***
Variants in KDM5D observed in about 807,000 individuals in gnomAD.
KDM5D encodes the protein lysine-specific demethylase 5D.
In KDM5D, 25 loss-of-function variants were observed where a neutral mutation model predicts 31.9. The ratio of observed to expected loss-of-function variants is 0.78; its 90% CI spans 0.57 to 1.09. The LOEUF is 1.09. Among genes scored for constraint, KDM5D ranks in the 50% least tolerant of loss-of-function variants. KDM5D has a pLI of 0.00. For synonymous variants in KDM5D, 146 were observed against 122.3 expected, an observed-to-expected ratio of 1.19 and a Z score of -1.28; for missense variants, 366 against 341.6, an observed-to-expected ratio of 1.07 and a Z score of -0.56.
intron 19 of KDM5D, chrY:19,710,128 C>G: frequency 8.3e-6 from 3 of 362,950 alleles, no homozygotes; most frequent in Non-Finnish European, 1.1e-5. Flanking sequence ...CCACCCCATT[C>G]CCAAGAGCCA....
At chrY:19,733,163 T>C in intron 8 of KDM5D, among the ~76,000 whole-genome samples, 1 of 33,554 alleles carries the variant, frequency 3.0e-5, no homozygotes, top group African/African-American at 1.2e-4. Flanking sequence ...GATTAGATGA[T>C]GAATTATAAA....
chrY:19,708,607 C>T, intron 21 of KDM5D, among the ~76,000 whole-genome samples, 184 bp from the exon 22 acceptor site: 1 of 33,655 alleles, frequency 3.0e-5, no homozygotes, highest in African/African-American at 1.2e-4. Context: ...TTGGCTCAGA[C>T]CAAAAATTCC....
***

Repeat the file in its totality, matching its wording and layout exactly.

Variants in KDM5D observed in about 807,000 individuals in gnomAD.
KDM5D encodes the protein lysine-specific demethylase 5D.
In KDM5D, 25 loss-of-function variants were observed where a neutral mutation model predicts 31.9. The ratio of observed to expected loss-of-function variants is 0.78; its 90% CI spans 0.57 to 1.09. The LOEUF is 1.09. Among genes scored for constraint, KDM5D ranks in the 50% least tolerant of loss-of-function variants. KDM5D has a pLI of 0.00. For synonymous variants in KDM5D, 146 were observed against 122.3 expected, an observed-to-expected ratio of 1.19 and a Z score of -1.28; for missense variants, 366 against 341.6, an observed-to-expected ratio of 1.07 and a Z score of -0.56.
intron 19 of KDM5D, chrY:19,710,128 C>G: frequency 8.3e-6 from 3 of 362,950 alleles, no homozygotes; most frequent in Non-Finnish European, 1.1e-5. Flanking sequence ...CCACCCCATT[C>G]CCAAGAGCCA....
At chrY:19,733,163 T>C in intron 8 of KDM5D, among the ~76,000 whole-genome samples, 1 of 33,554 alleles carries the variant, frequency 3.0e-5, no homozygotes, top group African/African-American at 1.2e-4. Flanking sequence ...GATTAGATGA[T>C]GAATTATAAA....
chrY:19,708,607 C>T, intron 21 of KDM5D, among the ~76,000 whole-genome samples, 184 bp from the exon 22 acceptor site: 1 of 33,655 alleles, frequency 3.0e-5, no homozygotes, highest in African/African-American at 1.2e-4. Context: ...TTGGCTCAGA[C>T]CAAAAATTCC....